Evolution is recognized as the source of all organisms, and hence many ecosystem services. However, the role that contemporary evolution might play in maintaining and enhancing specific ecosystem services has largely been overlooked. Recent advances at the interface of ecology and evolution have demonstrated how contemporary evolution can shape ecological communities and ecosystem functions. We propose a definition and quantitative criteria to study how rapid evolution affects ecosystem services (here termed contemporary evosystem services) and present plausible scenarios where such services might exist. We advocate for the direct measurement of contemporary evosystem services to improve understanding of how changing environments will alter resource availability and human well-being, and highlight the potential utility of managing rapid evolution for future ecosystem services.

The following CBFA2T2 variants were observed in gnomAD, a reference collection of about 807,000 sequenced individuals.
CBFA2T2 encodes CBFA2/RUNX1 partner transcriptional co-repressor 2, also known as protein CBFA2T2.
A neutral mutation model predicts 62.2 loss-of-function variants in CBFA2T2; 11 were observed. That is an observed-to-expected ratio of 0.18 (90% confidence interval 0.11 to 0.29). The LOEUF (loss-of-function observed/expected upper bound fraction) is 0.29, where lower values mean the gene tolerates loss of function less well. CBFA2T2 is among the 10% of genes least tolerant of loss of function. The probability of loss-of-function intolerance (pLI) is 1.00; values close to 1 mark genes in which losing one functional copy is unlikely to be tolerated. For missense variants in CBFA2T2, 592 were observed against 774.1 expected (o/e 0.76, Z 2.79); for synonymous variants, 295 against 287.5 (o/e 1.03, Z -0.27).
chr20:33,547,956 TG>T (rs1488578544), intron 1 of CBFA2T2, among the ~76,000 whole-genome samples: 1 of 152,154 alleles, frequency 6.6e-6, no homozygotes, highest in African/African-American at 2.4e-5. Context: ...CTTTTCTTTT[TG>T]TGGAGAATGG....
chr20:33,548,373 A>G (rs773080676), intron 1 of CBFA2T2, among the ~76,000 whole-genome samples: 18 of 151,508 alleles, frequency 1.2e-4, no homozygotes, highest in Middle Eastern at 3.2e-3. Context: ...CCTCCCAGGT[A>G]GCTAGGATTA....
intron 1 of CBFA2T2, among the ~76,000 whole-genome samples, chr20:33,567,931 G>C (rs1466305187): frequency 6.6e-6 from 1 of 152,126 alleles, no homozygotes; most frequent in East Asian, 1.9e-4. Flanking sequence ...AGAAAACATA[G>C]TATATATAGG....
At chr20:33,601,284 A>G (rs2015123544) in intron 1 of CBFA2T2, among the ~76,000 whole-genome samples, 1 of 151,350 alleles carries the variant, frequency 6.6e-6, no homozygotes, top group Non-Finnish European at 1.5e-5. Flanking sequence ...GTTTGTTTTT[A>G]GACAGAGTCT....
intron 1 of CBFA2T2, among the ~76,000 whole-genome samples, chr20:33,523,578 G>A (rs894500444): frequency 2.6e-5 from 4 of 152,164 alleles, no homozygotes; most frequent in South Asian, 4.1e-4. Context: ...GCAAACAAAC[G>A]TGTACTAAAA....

Evolutionary change can occur rapidly enough to alter community dynamics and ecosystem functions.
Despite evidence of the importance of rapid evolution in ecological processes, there has been little discussion of the role of rapid evolution in the provisioning of ecosystem services. We discuss putative cases where rapid evolution could alter the provision of ecosystem services, which we define as contemporary evosystem services, with a focus on cases where evolution enhances or maintains services. We provide criteria for measuring these contemporary evosystem services with the aim of spurring empirical research on the link between rapid evolution and ecosystem services.